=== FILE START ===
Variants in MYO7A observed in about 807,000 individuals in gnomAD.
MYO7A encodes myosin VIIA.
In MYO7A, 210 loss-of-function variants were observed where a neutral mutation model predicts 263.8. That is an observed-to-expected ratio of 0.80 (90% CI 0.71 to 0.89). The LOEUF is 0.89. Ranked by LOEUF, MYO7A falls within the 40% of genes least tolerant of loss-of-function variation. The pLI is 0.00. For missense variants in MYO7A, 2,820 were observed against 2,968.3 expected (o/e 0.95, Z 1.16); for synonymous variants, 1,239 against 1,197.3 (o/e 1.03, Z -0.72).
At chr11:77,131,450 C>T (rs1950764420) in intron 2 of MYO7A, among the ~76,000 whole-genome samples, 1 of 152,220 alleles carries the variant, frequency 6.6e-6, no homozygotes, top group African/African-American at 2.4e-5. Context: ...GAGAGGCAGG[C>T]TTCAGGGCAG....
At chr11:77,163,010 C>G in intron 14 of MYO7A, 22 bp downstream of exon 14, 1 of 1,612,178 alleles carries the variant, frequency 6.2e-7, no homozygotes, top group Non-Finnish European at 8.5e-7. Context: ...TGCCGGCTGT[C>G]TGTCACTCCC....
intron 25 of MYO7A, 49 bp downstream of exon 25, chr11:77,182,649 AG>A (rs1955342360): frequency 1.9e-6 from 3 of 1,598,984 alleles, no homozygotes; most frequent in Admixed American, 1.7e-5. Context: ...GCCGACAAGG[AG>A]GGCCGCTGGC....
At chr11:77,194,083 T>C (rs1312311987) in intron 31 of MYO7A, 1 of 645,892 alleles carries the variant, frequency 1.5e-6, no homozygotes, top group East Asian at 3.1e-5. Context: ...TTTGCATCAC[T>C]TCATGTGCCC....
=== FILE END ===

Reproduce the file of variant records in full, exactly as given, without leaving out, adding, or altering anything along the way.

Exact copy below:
Variants in MYO7A observed in about 807,000 individuals in gnomAD.
MYO7A encodes myosin VIIA.
In MYO7A, 210 loss-of-function variants were observed where a neutral mutation model predicts 263.8. That is an observed-to-expected ratio of 0.80 (90% CI 0.71 to 0.89). The LOEUF is 0.89. Ranked by LOEUF, MYO7A falls within the 40% of genes least tolerant of loss-of-function variation. The pLI is 0.00. For missense variants in MYO7A, 2,820 were observed against 2,968.3 expected (o/e 0.95, Z 1.16); for synonymous variants, 1,239 against 1,197.3 (o/e 1.03, Z -0.72).
At chr11:77,131,450 C>T (rs1950764420) in intron 2 of MYO7A, among the ~76,000 whole-genome samples, 1 of 152,220 alleles carries the variant, frequency 6.6e-6, no homozygotes, top group African/African-American at 2.4e-5. Context: ...GAGAGGCAGG[C>T]TTCAGGGCAG....
At chr11:77,163,010 C>G in intron 14 of MYO7A, 22 bp downstream of exon 14, 1 of 1,612,178 alleles carries the variant, frequency 6.2e-7, no homozygotes, top group Non-Finnish European at 8.5e-7. Context: ...TGCCGGCTGT[C>G]TGTCACTCCC....
intron 25 of MYO7A, 49 bp downstream of exon 25, chr11:77,182,649 AG>A (rs1955342360): frequency 1.9e-6 from 3 of 1,598,984 alleles, no homozygotes; most frequent in Admixed American, 1.7e-5. Context: ...GCCGACAAGG[AG>A]GGCCGCTGGC....
At chr11:77,194,083 T>C (rs1312311987) in intron 31 of MYO7A, 1 of 645,892 alleles carries the variant, frequency 1.5e-6, no homozygotes, top group East Asian at 3.1e-5. Context: ...TTTGCATCAC[T>C]TCATGTGCCC....